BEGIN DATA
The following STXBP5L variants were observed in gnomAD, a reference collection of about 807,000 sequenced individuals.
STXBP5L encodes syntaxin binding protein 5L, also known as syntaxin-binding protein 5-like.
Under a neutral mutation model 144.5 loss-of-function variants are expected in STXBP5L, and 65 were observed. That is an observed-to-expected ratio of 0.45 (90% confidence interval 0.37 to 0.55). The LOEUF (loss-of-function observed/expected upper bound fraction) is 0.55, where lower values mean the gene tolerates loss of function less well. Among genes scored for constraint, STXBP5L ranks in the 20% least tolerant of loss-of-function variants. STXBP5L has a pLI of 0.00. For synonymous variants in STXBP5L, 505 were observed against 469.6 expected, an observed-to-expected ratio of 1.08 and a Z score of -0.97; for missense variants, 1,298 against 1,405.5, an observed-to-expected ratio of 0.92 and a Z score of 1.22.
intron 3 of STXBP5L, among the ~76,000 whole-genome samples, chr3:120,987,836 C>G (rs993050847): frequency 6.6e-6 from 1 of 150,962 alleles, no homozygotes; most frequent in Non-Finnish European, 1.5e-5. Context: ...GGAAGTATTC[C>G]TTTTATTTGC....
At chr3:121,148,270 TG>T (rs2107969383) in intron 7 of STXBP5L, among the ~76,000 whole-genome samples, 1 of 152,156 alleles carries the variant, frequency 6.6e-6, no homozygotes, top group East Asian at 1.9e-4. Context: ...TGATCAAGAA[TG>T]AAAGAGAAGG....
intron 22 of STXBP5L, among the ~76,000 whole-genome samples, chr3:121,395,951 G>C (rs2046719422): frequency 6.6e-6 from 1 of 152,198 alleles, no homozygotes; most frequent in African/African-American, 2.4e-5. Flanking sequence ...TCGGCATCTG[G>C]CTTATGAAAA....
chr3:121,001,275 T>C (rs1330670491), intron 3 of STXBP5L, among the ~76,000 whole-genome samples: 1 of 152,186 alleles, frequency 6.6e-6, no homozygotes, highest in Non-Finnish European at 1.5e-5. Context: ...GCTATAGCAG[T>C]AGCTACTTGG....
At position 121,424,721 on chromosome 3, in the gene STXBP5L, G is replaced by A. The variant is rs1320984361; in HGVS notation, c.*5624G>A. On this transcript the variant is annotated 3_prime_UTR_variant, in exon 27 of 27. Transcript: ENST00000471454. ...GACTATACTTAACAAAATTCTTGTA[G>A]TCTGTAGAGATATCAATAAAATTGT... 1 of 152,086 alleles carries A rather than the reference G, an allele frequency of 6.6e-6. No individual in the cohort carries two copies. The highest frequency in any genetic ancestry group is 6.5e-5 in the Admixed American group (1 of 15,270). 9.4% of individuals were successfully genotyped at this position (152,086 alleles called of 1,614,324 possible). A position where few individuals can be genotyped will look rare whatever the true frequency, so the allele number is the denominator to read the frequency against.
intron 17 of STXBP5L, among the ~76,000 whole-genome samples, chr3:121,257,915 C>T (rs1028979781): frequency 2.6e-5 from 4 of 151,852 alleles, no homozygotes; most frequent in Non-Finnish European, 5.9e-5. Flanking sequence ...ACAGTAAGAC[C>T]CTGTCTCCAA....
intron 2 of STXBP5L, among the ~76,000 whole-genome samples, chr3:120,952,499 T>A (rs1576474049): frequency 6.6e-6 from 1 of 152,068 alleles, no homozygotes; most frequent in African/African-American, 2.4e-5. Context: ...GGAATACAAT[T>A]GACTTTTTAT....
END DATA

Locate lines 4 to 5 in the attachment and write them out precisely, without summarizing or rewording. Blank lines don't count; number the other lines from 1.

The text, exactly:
intron 3 of STXBP5L, among the ~76,000 whole-genome samples, chr3:120,987,836 C>G (rs993050847): frequency 6.6e-6 from 1 of 150,962 alleles, no homozygotes; most frequent in Non-Finnish European, 1.5e-5. Context: ...GGAAGTATTC[C>G]TTTTATTTGC....
At chr3:121,148,270 TG>T (rs2107969383) in intron 7 of STXBP5L, among the ~76,000 whole-genome samples, 1 of 152,156 alleles carries the variant, frequency 6.6e-6, no homozygotes, top group East Asian at 1.9e-4. Context: ...TGATCAAGAA[TG>T]AAAGAGAAGG....